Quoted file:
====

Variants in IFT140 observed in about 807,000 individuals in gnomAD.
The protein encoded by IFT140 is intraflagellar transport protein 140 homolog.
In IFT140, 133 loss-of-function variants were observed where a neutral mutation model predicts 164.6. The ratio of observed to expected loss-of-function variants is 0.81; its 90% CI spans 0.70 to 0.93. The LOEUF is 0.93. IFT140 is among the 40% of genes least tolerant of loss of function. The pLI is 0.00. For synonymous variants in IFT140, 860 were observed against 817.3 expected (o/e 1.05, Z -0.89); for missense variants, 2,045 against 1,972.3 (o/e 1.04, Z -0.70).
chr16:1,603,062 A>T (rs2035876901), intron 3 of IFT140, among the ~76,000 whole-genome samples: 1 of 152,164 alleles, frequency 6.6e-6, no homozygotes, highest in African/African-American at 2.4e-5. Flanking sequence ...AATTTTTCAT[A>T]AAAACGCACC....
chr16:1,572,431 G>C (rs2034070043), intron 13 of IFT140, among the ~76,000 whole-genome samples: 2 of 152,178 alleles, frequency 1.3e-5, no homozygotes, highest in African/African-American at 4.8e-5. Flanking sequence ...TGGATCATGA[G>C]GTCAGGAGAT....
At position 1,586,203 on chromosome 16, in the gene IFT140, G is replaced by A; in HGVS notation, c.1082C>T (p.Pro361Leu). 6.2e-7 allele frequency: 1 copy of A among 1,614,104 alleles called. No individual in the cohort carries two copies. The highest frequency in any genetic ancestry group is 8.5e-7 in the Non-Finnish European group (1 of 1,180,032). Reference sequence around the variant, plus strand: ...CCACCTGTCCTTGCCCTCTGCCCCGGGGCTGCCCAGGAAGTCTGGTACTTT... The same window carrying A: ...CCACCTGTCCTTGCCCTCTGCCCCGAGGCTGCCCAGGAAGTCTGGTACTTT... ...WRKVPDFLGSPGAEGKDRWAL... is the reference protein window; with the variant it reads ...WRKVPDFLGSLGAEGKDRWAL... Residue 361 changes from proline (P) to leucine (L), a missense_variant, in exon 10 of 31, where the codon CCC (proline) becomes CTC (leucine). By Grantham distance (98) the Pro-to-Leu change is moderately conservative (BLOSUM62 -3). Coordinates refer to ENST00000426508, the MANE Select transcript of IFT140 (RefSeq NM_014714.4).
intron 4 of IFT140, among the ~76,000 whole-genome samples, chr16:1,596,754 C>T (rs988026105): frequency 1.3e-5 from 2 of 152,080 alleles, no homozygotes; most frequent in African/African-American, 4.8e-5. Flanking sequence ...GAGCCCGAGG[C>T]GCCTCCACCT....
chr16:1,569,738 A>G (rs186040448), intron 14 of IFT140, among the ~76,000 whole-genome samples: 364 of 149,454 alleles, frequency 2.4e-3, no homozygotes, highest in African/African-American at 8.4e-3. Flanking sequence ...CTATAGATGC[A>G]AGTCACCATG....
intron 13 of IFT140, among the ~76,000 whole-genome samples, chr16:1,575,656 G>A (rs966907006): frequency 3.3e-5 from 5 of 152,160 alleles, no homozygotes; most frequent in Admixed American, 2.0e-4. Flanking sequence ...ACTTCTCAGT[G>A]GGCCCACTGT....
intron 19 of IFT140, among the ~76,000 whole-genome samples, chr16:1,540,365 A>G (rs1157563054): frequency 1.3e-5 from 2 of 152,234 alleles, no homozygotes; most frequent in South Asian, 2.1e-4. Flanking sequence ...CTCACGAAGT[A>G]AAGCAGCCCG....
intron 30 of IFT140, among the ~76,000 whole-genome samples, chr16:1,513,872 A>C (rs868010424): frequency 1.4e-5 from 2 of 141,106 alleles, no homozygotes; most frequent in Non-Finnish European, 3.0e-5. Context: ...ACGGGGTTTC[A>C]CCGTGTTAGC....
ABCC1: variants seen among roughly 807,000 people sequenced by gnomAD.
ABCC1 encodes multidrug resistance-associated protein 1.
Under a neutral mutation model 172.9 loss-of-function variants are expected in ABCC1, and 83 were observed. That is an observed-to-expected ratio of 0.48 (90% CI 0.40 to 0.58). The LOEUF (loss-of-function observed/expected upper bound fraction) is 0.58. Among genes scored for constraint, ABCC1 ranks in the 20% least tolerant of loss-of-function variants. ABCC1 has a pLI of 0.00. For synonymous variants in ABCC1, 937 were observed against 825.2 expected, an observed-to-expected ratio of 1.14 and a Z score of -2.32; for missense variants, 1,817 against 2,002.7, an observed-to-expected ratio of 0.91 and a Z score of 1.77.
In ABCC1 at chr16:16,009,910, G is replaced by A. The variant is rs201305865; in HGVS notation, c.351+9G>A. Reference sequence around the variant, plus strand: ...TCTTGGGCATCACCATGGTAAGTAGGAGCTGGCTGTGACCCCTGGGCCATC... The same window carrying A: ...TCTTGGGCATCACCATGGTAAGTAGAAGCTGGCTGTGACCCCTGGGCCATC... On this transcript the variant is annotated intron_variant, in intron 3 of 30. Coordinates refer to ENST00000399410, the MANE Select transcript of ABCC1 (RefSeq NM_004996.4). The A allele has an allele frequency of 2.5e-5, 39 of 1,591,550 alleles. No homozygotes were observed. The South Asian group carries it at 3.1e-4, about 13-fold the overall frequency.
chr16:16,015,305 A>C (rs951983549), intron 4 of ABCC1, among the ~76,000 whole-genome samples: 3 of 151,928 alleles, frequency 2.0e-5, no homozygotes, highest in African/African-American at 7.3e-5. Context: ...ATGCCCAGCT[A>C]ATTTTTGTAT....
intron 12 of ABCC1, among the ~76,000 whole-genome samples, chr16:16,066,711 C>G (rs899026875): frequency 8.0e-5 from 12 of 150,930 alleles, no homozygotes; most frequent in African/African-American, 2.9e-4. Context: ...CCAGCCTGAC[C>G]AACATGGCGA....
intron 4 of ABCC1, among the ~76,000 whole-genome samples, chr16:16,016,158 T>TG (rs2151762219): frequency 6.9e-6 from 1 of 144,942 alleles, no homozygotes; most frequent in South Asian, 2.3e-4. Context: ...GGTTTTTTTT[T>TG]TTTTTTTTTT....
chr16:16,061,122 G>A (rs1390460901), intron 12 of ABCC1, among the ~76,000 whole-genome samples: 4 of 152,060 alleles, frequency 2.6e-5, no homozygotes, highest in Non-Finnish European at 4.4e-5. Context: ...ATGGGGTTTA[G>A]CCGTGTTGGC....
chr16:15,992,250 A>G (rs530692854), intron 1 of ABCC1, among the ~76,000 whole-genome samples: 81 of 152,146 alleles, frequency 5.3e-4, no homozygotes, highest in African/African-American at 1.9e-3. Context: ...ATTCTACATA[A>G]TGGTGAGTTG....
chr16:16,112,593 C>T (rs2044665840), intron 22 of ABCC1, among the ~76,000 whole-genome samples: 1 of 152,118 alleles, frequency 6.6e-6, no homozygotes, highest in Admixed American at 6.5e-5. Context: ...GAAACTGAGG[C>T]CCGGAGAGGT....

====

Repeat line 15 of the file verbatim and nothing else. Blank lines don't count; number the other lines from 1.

In ABCC1 at chr16:16,009,910, G is replaced by A. The variant is rs201305865; in HGVS notation, c.351+9G>A. Reference sequence around the variant, plus strand: ...TCTTGGGCATCACCATGGTAAGTAGGAGCTGGCTGTGACCCCTGGGCCATC... The same window carrying A: ...TCTTGGGCATCACCATGGTAAGTAGAAGCTGGCTGTGACCCCTGGGCCATC... On this transcript the variant is annotated intron_variant, in intron 3 of 30. Coordinates refer to ENST00000399410, the MANE Select transcript of ABCC1 (RefSeq NM_004996.4). The A allele has an allele frequency of 2.5e-5, 39 of 1,591,550 alleles. No homozygotes were observed. The South Asian group carries it at 3.1e-4, about 13-fold the overall frequency.